Westminster Foundation for Democracy spoke with Peter Wardle, former Chief Executive at the UK’s Electoral Commission, on his work summing up our research on the cost of politics.
Peter’s synthesis report is available here. There are some tickets remaining for July 18th‘s Cost of Politics event, where Peter will sum up his findings.
Peter, you’ve written the synthesis paper summing up the findings from WFD’s six research papers looking at the ‘cost of politics’ in Macedonia, Ukraine, Kyrgyzstan, Nigeria, Ghana and Uganda. What exactly is the problem that all these countries face?
What we’re starting with here is the age-old issue of money and politics. I think no-one’s starry-eyed about this. Politics takes resources – whether to organise parties, develop policies or communicate positions to voters. But I think the problem we’ve seen in these particular cases is that when the cost of getting elected gets too high, or gets so high that most people could never contemplate it, you get a range of problems.
What sort of problems might they be?
They could include the complete dominance of the political scene by those with the resources to be there – and coupled with that, the exclusion of huge groups and numbers of the population. This then leads to corruption – either because these are the wrong kind of people going into politics in the first place, or because elected politicians need to recoup the investment they’ve made, which gets in the way of almost everything else.
That doesn’t sound good.
No – the combination of all that leads to the diminution of democracy. You have MPs focused more on their personal financial position than on their role as constituents and national representatives, or on their parliamentary role in terms of holding the executive to account. And you get big, wealthy individuals dominating at the cost of less powerful, less well-represented groups.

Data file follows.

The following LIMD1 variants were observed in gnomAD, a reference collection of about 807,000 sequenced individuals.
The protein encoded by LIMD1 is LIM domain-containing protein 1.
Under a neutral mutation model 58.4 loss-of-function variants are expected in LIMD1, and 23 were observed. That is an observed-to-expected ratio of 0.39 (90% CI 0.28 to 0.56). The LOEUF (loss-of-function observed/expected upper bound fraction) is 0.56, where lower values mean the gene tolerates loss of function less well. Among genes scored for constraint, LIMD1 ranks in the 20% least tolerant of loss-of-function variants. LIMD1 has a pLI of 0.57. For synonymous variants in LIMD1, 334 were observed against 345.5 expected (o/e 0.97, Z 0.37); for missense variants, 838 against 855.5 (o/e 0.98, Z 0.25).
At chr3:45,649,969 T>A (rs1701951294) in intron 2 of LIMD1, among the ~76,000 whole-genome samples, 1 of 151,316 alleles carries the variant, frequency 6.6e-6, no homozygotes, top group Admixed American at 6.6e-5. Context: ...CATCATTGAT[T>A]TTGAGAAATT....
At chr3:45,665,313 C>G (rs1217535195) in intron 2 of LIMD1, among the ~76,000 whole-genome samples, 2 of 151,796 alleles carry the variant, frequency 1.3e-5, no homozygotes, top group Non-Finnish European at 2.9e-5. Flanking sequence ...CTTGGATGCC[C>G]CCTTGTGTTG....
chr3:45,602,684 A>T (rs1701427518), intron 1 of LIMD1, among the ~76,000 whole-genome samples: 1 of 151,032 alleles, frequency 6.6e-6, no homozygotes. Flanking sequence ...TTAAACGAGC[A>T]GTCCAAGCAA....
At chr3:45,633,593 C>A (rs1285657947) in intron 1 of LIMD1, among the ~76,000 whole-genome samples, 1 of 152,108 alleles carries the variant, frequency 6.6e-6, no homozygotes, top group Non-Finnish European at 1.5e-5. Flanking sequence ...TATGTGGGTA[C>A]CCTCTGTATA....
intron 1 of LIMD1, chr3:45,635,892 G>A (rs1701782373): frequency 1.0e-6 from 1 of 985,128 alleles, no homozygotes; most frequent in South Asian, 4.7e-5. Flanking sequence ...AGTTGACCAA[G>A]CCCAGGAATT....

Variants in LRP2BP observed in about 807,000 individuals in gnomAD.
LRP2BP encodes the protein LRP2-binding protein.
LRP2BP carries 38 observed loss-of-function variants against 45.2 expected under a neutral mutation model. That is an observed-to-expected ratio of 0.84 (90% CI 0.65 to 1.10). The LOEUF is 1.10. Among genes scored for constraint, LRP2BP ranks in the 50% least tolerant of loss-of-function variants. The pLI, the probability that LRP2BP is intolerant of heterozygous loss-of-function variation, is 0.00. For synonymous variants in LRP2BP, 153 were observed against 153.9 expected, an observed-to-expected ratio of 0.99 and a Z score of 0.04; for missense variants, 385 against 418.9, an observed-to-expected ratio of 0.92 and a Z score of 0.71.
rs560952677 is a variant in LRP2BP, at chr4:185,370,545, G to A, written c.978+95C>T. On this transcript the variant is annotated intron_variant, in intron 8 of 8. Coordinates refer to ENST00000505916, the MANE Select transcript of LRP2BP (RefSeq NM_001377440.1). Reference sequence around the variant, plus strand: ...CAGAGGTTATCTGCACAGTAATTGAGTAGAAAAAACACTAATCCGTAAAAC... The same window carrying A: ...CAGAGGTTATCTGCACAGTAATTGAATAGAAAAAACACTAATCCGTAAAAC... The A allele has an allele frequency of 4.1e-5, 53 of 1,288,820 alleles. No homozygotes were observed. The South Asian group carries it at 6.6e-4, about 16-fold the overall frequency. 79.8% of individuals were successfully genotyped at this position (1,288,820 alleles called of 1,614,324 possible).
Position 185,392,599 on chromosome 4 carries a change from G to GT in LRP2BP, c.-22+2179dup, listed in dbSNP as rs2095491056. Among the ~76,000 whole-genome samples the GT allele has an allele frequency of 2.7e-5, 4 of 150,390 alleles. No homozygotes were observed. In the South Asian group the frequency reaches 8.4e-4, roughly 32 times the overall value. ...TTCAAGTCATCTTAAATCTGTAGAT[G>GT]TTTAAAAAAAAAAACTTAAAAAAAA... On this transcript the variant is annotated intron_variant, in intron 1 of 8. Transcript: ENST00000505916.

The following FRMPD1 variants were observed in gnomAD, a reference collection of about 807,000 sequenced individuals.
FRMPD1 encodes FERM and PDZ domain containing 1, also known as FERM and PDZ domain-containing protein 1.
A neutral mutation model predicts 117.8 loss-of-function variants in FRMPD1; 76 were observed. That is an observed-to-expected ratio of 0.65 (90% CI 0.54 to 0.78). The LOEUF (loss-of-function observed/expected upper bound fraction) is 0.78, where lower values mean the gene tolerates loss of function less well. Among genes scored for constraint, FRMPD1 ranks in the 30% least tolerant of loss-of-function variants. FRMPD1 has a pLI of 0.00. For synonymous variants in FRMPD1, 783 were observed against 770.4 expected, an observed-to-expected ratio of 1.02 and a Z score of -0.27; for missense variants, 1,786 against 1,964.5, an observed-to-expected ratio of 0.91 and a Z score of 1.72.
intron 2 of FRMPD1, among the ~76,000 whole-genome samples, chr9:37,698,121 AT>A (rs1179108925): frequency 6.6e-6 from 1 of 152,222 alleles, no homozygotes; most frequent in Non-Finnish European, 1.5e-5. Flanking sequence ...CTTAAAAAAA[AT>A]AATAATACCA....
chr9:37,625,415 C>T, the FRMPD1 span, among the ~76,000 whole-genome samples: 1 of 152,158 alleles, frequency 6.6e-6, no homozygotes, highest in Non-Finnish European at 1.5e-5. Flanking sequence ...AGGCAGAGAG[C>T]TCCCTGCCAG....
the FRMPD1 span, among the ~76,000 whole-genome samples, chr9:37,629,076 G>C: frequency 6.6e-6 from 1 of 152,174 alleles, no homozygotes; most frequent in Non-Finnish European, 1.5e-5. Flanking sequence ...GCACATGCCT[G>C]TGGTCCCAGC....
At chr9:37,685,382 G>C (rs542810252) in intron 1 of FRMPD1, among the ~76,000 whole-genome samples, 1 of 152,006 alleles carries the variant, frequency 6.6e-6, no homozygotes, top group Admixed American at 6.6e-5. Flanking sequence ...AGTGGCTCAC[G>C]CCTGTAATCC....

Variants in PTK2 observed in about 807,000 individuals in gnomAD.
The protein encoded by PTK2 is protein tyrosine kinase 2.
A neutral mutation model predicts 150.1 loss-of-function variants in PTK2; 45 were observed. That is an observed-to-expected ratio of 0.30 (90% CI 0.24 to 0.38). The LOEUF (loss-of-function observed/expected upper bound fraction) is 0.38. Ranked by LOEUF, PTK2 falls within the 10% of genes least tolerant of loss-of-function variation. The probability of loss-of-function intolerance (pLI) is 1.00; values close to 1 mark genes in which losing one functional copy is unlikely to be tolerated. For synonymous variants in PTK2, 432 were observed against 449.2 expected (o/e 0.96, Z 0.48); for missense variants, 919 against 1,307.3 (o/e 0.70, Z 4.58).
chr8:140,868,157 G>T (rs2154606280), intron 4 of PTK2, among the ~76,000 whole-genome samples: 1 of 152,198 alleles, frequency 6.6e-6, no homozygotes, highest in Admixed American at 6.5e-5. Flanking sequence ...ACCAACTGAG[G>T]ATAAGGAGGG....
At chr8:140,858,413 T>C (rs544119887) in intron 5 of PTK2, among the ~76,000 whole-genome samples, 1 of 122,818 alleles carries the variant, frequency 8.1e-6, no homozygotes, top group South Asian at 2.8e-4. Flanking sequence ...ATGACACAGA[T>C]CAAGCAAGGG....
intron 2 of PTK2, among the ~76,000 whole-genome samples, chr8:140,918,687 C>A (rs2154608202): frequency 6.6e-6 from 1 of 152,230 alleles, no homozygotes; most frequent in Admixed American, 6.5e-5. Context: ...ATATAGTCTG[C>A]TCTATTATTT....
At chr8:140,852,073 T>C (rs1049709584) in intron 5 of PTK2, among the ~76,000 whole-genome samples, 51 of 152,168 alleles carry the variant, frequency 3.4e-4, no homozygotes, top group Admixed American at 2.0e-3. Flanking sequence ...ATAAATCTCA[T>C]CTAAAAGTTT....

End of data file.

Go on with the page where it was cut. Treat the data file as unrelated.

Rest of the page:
Which areas of this research are breaking new ground?
Looking at the six countries, we’ve divided it into three distinct phases. There’s the cost of getting on to the ballot paper in the first place; the cost of campaigning to be elected; the cost of being an MP; and then it all starts again with re-election. What struck me most was that while there is a reasonable amount of research and understanding around that second phase, on the formal election campaign, what is often overlooked are the costs of getting selected. In all the countries we’ve looked at, individuals face immediate and very significant financial challenges. There’s a lot of risk that favours granted at that stage may be called in when the candidate reaches parliament.
And it’s when a candidate becomes elected that they face further costs and challenges?
Yes – then there are the costs associated with success. If you end up with a seat in parliament as an MP, in many societies you face a public expectation that you – regarded as a rich and prominent figure – will put your hand into your pocket. That brings additional financial burdens which, if you’re not wealthy, could lead to temptation to seek cash from other sources. You might try to divert state funds. Once you’re in parliament, it’s quite easy to cross the line between responding to demands, and then making offers with a view to re-election.
At the same time, once you’re in parliament and you’ve experienced the very high cost of getting there, you face a difficult moral dilemma – what incentive do you have to make the political system cheaper for your potential opponents in the future?
What surprised you most as you read through these reports?
The sheer cost that individuals face before the election campaign even starts, and after they’ve been elected. Although I was aware of the issue, I wasn’t aware of the scale. The research papers really bring that out very well.
You say ‘sheer scale ‘ – what sort of numbers are we talking about here?
We haven’t got the data yet; one of the recommendations is for further research into this. But we know that in Ukraine, you’re getting into an estimated cost of millions of US dollars to secure a parliamentary seat in some of the most hotly contested constituencies. In other cases, there are estimates that the cost of a vote is about a day’s supply of food. What is clear is that in all of the countries, the idea that you give a voter money or goods in return for your vote is very firmly entrenched. That is particularly corrupting of public discourse and democracy, because it reduces an election to a transaction, rather than any meaningful debate.
How do you see this issue fitting in with the broader global anti-corruption agenda?